PSA distribution among the various other studies of HRPC treatment by RP was not uniform (Table 5). Mean PSA around 10ng/ml was found in a few studies [7, 10, 14, 15, 16, 17] while a value between 15-25ng/ml was observed in others, including in our study [5, 11, 18, 19]. Similarly the distribution of biopsy GS was variable. A score below 8 in more than half of the cases was reported by few authors [11, 14, 16, 18, 19]; while a score of 8 or more was noted by others, including us [5, 10, 17]. However, patient’s clinical stage in our study was similar to the other reports.
Conversion to open surgery had to be done in 15% of our cases. Brassetti A et al. in his research on worldwide LRP over 20 years found a declining trend in conversion rate, as the surgeons experience increases . A conversion rate of up to 10% was stated in initial 40 cases, followed by a sharp decrease. Our high conversion rate was also probably due to the difficulties encountered in the initial cases, especially in HRPC. Other perioperative parameters such as the amount of blood loss and hospital stay were comparable to the studies in the literature [15, 18]. However, operative time was increased in our study (210 min) as compared to the time reported by Shao P et al. (134 min) and Benedetto A et al. (180 min) [15, 18]. Catheterization time of 14 days was similar in our study and the study of Benedetto A et al. . While Shao P et al. removed the catheter at 7th day .
We found an overall complication rate of 31.4% as per CDC system. Despite a high rate, around one third was of grade I. Our blood transfusion rate (12.9%) was similar to the rate reported by Varca V et al. (11.8%) . Grade IIIa and IIIb complications occurred in 3.5% and 3.6% of the cases in our study, respectively; which were comparable to the findings of Varca V et al. (1.0% & 1.4%), Benedetto A et al. (2.5% & 4.0) and Bijalwan P et al. (2.7% & 1.8%) [11, 15, 19]. We didn’t encounter any grade IV complication. Postoperative urinary continence in terms of no pad use was observed in 89.3% of our patients after 12 months. Varca V et al. and Bijalwan P et al reported a slightly lower continence rate of 81.8% and 79.8%, respectively [11, 19]; while Benedetto A et al. found the similar outcome (91.8%) . As we performed a non-nerve sparing approach, the postoperative potency rate was not assessed. Varca V et al. also supported this approach in HRPC patients . However, recently many authors have shown the feasibility of nerve-sparing approach in HRPC with the decent potency rate .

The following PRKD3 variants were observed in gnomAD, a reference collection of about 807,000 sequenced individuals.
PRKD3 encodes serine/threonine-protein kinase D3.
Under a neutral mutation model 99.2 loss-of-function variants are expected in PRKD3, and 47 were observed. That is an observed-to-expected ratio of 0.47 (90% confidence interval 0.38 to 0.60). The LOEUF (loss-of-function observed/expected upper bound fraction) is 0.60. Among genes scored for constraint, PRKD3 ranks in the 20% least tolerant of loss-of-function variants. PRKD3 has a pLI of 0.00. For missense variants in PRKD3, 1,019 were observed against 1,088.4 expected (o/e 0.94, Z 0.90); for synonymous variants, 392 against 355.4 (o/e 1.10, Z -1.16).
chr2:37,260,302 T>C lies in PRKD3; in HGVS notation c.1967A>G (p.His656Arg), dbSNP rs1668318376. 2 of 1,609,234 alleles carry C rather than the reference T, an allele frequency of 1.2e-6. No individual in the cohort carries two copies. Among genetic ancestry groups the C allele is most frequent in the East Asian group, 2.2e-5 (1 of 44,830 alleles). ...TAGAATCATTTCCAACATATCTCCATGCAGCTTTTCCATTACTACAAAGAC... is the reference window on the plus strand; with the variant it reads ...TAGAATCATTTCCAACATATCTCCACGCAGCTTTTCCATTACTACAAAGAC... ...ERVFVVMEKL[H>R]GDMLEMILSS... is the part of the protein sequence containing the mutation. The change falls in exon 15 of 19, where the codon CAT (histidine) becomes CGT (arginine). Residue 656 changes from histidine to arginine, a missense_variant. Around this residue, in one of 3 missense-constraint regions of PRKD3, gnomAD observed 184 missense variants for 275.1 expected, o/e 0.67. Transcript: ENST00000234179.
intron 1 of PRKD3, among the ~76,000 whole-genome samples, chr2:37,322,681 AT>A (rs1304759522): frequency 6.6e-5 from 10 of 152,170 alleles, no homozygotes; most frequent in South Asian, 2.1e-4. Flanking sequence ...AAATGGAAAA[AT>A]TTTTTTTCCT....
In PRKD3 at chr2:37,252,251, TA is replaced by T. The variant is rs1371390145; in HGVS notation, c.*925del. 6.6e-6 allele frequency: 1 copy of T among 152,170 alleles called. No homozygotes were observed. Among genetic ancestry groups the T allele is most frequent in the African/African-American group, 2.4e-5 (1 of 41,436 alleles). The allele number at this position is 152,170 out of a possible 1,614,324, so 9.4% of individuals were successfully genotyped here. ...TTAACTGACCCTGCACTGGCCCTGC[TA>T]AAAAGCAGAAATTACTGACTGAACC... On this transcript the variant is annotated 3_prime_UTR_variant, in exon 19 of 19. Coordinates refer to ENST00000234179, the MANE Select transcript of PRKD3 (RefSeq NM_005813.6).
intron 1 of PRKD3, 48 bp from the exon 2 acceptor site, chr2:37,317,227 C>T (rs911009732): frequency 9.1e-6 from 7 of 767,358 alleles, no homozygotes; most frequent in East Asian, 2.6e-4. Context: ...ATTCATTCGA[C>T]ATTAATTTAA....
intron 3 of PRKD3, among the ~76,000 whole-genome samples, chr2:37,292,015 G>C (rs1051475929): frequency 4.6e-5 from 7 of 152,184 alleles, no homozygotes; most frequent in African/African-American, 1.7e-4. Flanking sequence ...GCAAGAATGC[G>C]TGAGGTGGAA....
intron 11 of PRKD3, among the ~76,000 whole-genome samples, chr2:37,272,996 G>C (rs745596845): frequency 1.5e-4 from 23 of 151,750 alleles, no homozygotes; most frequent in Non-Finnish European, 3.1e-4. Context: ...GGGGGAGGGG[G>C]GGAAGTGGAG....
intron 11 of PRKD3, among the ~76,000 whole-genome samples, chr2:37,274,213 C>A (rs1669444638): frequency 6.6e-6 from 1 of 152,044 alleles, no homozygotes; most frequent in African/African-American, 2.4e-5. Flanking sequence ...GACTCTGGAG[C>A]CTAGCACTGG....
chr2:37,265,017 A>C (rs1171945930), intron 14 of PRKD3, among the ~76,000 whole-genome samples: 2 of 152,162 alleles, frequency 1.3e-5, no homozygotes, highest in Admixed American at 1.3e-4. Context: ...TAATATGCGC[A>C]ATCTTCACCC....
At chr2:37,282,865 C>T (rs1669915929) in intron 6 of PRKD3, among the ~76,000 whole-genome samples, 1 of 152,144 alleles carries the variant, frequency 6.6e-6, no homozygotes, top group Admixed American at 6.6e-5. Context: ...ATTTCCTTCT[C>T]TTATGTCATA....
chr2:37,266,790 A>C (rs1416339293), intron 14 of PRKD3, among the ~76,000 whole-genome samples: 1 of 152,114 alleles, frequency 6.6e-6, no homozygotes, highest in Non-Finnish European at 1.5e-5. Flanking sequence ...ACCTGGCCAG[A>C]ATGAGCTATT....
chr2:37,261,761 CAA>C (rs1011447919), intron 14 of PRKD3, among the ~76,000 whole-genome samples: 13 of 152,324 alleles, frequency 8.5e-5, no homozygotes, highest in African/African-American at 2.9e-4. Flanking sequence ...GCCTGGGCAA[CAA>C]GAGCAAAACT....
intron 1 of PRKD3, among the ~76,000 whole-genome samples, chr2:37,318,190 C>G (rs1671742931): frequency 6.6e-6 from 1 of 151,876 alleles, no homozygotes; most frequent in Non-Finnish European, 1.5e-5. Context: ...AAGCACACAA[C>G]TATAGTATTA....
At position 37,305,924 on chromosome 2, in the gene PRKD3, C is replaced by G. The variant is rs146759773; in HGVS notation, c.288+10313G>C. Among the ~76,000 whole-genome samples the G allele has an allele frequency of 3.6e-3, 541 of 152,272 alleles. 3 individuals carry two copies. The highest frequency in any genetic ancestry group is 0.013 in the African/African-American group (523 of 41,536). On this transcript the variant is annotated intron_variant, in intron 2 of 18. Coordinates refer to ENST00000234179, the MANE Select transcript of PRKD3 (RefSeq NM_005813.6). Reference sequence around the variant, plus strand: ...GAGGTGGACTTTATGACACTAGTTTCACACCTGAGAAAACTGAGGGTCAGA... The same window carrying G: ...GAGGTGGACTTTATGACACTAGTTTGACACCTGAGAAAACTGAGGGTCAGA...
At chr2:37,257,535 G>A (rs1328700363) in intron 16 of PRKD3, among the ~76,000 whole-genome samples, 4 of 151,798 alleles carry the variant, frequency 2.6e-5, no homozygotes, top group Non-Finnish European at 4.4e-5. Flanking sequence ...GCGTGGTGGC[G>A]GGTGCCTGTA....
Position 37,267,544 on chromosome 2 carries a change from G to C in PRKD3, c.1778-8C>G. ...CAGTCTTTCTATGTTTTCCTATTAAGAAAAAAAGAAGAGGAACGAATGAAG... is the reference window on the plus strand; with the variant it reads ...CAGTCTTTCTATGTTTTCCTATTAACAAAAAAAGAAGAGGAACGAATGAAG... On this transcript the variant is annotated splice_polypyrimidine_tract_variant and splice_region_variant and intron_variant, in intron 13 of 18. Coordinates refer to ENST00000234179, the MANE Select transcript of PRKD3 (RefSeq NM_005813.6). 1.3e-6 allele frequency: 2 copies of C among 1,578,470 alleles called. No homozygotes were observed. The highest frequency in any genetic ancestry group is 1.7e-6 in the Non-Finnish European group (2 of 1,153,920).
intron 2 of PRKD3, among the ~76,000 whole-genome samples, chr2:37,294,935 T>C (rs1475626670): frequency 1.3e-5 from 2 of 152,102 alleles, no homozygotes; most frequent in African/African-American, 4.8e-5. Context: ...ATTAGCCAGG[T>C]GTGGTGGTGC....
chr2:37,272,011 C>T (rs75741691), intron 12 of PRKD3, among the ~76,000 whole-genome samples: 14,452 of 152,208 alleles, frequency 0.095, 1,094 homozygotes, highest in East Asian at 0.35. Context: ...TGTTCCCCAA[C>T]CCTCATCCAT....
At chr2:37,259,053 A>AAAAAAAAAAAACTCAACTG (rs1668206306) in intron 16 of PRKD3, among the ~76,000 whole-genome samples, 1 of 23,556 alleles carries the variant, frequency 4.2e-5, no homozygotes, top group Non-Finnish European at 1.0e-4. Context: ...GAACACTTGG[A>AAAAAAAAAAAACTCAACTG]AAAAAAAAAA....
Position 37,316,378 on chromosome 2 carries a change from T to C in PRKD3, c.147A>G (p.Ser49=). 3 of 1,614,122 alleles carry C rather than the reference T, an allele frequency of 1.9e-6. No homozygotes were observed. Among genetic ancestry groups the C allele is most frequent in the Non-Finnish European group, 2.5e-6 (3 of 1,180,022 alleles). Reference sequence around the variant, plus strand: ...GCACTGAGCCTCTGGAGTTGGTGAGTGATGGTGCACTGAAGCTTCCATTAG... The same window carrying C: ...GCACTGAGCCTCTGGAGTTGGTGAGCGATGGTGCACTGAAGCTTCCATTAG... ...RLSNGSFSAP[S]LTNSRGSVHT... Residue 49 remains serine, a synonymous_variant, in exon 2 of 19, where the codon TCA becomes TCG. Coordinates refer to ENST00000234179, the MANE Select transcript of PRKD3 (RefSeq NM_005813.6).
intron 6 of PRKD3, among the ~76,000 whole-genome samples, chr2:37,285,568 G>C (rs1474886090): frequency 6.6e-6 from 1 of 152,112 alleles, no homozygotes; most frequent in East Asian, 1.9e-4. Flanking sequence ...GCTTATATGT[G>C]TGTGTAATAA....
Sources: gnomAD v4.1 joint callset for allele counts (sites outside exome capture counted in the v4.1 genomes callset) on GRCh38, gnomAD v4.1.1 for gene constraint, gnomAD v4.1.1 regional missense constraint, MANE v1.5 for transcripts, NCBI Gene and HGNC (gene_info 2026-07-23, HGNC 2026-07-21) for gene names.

More than two third (68.6%) of our patients had T3 pathological stage, unlike the near equal representation of pT2 and pT3 in other reports [5, 15, 19, 17] (Table 5). Specimen GS of our patients was also higher (≥8- 82.1%) compared to the other similar reports. These have probably been the reasons for a high lymph node positivity rate (20.0%) in our study. While a rate ranging from 1.6% to 25.0% was reported by others. Down-staging and upstaging of the tumor was observed in 14.3% and 35.7% of our patients respectively. A similar trend was also revealed by Benedetto AD et al , with down-staging in 6.4% and upstaging in 24.7% of the patients. The rate of PSM in our study (25.7%) was comparable to the findings of other studies (range 23.1%-50.5%) (Table 5). We found the clinical stage to be a good predictor of PSM. Kang SG also found clinical stage along with the percentage of tumor in the specimen, to be the significant predictive factors . Bijalwan P et al. found a rise in the PSM rate with an increase in the number of risk factors present (cT2c-T3b, PSA >20 ng/ml, and GS >7) . We also found the biopsy GS to be a significant predictor of final pathological stage. Bijalwan P et al. noted increase in the adverse pathological features with a number of risk factors involved .
Adjuvant therapy was administered in total 83.6% of our patients. RT was delivered in the form of EBRT to patients with PSM. HT was given in patients with positive LN, seminal vesicle invasion. Varca V et al. and Di Benedetto A et al. also found a positive effect of adjuvant therapy on survival rate in HRPC patients [11, 15]. Whereas, Furukawa J et al. stated one reason for negative prognostic outcome in his series to non-utilization of any adjuvant treatment . Our patient’s BCRFS and CSS after 5 years were 68.3% and 89.2% respectively. Only few studies have reported a long term outcome (Table 5). Aguilera A et al. and Varca V et al. also presented the results of long term follow up [7, 11]. They found BCRFS of 62.7% and 66.2% after a median follow up of 84 and 74 months respectively. A recent systemic review by Delporte G et al described outcome of RP in HRPC in 42 studies and reported 5 year OS of 55.2 to 98.6%, 5 year BCRFS of 40 to 94% and 5 year CSS of 89.8 to 100% . Our slightly low survival rates are may be attributed to the more number of high grade and high stage tumors in study patients. Despite this, a substantial number of patients didn’t develop recurrence after a median follow up of 82 months. It highlights a decent long term curability rate of HRPC by RP as a part of multimodal management. Limitations of this study are small sample size, lack of potency related outcomes and inclusion of only surgically fit HRPC patients.